A Guide to Email Marketing Like the Pros
Major companies utilize email marketing, and there’s a reason why: it converts readers into buyers and customers into community. Gone are the days of marketing emails solely driven by spam. Nowadays, emails are a platform for a more nuanced and sophisticated marketing strategy.
There is a plethora of choices in email marketing software that streamlines and automates delivery. But when it comes to marketing that hooks readers, you’re the one with the power to reel them in. To take your email marketing to the next level, check out the guide to find out the do’s, don’ts, and tricks of the business.
Get on the Invite List
The first item on the list is to get on the invite list. It’s never a good idea to spam customers because that is a surefire way to turn them off. Instead, get customers to invite your emails to their inboxes. Getting customers to opt to receive your emails increases deliverability and engagement.
There are a few ways to get customers on the mailing list, and the effectiveness of these methods depends on the product and the pitch. Some companies prefer to offer a free giveaway, while others might offer to keep the customer updated with newsletters or announcements of new products. E-commerce retailers might have subscription services added on or offered with product purchases. Websites are a good platform for customers to click and subscribe via subscription buttons or links.
CTA: The Perfect Pitch
The pitch is the other crucial component for getting customers on the mailing list. But it might surprise some readers to consider that the perfect pitch isn’t really about marketing, at least not in any obvious way. Readers see plenty of sales-driven pitches and calls-to-action (CTAs) encouraging them to buy now or like and share. This type of generic copy is easy for readers to ignore. Instead the perfect pitch is about honest and direct copy that does the marketing for you.
A clear-cut CTA is the best solution for effective marketing. Being upfront in what your emails will deliver increases the chances that customers will become regular readers who open the messages and follow through from inbox to purchase.
Ideally, the CTA should go hand-in-hand with the product. CTAs can come in many forms:
- Daily or weekly updates
- Coupons or discounts
- New offers and products
- Free downloads
- Services that only subscribers can access
Don’t Get Waitlisted, Get Whitelisted
To prevent emails from waiting around in junk or spam folders, get customers to whitelist your email address.
Getting on the whitelist is the email equivalent of being entered into someone’s little black book. The whitelist means your email is in the recipient’s address list, ensuring your messages won’t end up in a spam folder.
The most effective ways to get whitelisted are with the initial and follow-up emails. In the initial email response to the customer’s subscription, add a note near the top of the email that encourages readers to add your email address. Placement is key to putting the message right in front of the reader’s eyes. Other simple tricks like using a different color, boldface, underlining, or font can make the message pop even more. The first email should have a similar message in case readers missed it the first time.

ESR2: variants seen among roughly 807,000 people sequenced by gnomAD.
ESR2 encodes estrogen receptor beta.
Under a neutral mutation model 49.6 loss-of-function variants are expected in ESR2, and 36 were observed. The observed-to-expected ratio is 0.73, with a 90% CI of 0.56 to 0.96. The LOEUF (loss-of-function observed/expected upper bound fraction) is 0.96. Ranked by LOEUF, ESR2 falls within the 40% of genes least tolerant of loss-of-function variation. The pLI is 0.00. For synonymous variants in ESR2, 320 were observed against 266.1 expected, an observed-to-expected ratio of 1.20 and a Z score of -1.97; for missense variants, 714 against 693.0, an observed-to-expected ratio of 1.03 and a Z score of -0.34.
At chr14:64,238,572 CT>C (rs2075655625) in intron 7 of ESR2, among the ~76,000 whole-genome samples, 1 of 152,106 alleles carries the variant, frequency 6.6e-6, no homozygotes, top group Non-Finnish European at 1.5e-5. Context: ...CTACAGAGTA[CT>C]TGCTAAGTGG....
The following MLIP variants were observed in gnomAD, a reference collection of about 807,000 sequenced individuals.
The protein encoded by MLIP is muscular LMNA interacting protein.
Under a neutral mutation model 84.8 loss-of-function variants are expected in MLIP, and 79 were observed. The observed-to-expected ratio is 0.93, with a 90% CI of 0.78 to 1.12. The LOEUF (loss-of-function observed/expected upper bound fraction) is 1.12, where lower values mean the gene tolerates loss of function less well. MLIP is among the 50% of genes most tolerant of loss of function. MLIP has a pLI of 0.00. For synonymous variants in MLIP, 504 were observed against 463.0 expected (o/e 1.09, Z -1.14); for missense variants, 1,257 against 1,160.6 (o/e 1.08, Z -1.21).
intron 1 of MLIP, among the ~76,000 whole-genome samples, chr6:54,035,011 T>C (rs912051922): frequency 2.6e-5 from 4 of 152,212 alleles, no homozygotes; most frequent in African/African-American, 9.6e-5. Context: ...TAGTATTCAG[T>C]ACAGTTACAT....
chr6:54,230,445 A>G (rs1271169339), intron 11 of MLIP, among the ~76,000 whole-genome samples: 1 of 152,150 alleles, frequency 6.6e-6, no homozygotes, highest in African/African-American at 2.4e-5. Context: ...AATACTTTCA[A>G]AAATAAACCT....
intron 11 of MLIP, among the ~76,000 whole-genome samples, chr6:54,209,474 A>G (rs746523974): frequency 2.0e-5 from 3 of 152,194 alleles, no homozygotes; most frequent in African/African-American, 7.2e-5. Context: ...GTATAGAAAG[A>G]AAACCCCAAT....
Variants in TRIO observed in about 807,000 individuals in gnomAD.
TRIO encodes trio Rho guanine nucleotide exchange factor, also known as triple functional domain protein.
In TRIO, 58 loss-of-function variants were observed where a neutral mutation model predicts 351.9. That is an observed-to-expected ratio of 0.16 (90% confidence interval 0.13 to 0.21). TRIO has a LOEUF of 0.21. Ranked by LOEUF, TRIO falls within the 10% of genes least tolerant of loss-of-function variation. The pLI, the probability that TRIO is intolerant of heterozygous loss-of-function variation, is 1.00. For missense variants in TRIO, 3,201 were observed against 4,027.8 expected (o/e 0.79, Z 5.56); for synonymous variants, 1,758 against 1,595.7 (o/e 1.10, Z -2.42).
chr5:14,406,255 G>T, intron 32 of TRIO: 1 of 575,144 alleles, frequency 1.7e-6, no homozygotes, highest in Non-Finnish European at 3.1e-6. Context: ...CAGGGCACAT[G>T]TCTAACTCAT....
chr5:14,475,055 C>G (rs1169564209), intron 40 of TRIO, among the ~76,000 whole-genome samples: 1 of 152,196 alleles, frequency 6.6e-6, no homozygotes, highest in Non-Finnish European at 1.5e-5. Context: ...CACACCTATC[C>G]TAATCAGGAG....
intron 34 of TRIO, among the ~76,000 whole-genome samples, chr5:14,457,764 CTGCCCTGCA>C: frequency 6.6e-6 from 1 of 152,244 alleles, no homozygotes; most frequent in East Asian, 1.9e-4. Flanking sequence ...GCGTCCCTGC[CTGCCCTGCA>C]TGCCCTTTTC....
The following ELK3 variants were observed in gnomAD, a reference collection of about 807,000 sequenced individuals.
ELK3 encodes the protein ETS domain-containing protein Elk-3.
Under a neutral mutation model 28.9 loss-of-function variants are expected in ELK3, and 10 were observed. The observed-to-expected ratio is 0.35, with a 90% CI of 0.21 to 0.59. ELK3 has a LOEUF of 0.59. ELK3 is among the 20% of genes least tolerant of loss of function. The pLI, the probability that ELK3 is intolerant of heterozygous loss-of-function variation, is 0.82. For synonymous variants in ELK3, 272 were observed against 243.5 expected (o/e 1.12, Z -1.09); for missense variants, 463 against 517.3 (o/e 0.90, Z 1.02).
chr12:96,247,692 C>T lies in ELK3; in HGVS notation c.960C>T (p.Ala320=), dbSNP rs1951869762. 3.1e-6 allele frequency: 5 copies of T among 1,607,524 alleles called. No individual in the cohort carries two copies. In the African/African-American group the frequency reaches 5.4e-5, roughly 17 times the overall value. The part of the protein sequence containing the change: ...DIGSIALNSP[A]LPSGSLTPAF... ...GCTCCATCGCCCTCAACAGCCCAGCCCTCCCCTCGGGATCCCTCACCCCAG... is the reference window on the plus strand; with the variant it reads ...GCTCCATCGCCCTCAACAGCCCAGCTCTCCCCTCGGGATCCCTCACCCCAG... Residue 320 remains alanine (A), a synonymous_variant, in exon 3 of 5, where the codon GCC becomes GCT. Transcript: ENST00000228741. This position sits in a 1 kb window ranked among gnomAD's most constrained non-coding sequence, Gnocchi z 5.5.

Timing Is Everything
Time is of the essence, or so the saying goes, and for email marketing that adage holds true. Timing is key to effective marketing on many levels.
Primarily, the frequency with which emails get sent can affect subscribers. If the service is a daily news update, then daily deliveries are appropriate. But hourly message deliveries? Subscribers might not be so pleased. Think about the product and the content of the message and combine that with an understanding of the audience to know how often to send emails.
Timing is also about the time of day and the day of the week to send emails. The time of day depends on the product or service being promoted, but it’s safe to say that 3AM deliveries probably are not going to gain reader engagement. On the other hand, 9AM deliveries will draw reader interest.
The day of the week can also affect engagement. Generally speaking, Saturday and Sunday tend to have the lowest engagement rates. Monday through Friday are steady across the board, although Thursdays seem to be the optimal delivery date. So, if you offer a weekly mail delivery, Thursdays look pretty good.
TOP: Targeted, Organized and Productive
To create a comprehensive email marketing campaign, mailing lists need to be TOP: targeted, organized, and productive. By striving for these qualities, you can enhance the impact of your emails. The key here is segmentation.